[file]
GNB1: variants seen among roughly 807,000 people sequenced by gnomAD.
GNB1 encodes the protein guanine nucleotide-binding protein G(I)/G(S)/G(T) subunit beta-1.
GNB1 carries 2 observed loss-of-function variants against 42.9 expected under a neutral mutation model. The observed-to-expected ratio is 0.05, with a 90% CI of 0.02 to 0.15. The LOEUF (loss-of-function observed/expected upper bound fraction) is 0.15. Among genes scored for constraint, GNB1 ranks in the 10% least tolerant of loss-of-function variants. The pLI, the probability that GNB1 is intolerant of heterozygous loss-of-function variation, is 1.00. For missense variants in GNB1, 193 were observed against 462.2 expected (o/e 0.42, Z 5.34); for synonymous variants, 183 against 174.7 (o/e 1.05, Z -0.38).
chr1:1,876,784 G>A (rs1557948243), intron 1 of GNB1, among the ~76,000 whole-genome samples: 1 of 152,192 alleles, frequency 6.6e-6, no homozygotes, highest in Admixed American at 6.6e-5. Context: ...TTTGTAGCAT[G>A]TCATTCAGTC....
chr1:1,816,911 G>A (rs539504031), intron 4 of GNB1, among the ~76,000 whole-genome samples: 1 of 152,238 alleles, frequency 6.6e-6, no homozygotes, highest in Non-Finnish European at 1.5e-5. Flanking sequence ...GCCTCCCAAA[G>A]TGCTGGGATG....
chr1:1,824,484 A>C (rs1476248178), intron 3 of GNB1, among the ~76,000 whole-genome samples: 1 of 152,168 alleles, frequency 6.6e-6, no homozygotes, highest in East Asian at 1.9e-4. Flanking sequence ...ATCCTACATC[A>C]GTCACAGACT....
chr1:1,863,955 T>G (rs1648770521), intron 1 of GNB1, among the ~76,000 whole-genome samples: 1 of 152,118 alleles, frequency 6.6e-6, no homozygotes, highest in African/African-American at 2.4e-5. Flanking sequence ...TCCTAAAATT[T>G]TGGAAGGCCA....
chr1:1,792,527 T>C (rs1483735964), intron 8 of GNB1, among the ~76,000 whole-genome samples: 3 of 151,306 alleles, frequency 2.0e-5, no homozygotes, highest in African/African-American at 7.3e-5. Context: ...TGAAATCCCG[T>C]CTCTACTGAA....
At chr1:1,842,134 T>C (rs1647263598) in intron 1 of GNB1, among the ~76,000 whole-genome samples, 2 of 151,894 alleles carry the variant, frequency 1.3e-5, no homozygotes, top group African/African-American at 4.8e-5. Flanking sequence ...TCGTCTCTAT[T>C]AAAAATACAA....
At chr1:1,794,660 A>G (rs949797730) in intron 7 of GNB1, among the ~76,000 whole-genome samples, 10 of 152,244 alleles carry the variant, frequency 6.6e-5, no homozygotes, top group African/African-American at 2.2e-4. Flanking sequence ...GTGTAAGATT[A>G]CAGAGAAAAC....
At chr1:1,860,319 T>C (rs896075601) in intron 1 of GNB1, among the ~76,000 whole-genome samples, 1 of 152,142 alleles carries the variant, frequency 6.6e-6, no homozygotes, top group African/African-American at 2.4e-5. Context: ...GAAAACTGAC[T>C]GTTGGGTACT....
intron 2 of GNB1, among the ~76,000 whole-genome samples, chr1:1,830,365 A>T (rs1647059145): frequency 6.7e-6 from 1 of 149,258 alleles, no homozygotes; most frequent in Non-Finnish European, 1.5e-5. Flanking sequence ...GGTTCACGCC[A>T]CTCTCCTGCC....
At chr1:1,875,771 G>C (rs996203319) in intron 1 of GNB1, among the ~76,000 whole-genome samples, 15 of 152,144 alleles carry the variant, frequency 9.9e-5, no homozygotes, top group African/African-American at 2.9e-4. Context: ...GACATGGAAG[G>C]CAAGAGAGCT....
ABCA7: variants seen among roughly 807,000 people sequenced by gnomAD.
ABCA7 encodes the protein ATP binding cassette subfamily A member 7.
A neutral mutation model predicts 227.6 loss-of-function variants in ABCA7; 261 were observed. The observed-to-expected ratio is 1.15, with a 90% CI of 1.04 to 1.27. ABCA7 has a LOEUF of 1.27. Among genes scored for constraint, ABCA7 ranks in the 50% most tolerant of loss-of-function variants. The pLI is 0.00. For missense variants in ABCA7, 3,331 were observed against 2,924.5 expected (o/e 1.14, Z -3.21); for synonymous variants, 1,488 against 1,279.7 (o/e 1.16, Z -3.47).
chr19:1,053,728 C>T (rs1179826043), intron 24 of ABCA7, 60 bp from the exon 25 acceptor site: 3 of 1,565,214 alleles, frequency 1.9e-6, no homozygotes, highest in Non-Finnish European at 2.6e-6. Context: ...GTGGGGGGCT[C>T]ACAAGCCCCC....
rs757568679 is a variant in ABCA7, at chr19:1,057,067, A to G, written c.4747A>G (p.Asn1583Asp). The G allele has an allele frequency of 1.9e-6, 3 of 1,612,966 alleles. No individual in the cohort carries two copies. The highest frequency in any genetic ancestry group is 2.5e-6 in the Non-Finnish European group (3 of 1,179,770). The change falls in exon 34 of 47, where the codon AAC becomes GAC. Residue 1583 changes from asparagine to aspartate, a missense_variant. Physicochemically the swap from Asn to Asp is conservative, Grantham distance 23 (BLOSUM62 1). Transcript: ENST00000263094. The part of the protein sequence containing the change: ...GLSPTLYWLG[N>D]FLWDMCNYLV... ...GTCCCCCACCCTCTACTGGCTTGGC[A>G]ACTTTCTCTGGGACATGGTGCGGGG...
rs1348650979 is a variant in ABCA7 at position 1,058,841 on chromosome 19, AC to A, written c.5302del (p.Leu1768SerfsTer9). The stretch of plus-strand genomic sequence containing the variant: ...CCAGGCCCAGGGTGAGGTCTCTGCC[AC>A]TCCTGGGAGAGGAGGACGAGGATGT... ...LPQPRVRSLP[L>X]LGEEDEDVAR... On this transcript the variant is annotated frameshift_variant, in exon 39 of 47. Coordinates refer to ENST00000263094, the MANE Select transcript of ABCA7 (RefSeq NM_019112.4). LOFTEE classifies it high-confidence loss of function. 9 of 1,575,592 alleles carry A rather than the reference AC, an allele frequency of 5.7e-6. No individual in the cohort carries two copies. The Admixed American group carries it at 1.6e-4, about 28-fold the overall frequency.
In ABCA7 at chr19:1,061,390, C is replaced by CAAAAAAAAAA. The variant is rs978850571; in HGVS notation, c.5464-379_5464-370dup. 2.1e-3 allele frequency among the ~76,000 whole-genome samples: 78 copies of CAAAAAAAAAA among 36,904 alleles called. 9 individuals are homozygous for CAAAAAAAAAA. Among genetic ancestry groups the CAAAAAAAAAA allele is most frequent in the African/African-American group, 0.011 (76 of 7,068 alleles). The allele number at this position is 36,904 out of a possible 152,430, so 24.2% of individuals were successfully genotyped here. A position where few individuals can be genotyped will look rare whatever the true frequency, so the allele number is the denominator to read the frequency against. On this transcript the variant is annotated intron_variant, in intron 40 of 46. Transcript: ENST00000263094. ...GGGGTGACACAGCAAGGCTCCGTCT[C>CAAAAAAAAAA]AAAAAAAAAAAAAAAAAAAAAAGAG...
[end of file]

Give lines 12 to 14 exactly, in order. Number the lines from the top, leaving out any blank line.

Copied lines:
intron 2 of GNB1, among the ~76,000 whole-genome samples, chr1:1,830,365 A>T (rs1647059145): frequency 6.7e-6 from 1 of 149,258 alleles, no homozygotes; most frequent in Non-Finnish European, 1.5e-5. Flanking sequence ...GGTTCACGCC[A>T]CTCTCCTGCC....
At chr1:1,875,771 G>C (rs996203319) in intron 1 of GNB1, among the ~76,000 whole-genome samples, 15 of 152,144 alleles carry the variant, frequency 9.9e-5, no homozygotes, top group African/African-American at 2.9e-4. Context: ...GACATGGAAG[G>C]CAAGAGAGCT....
ABCA7: variants seen among roughly 807,000 people sequenced by gnomAD.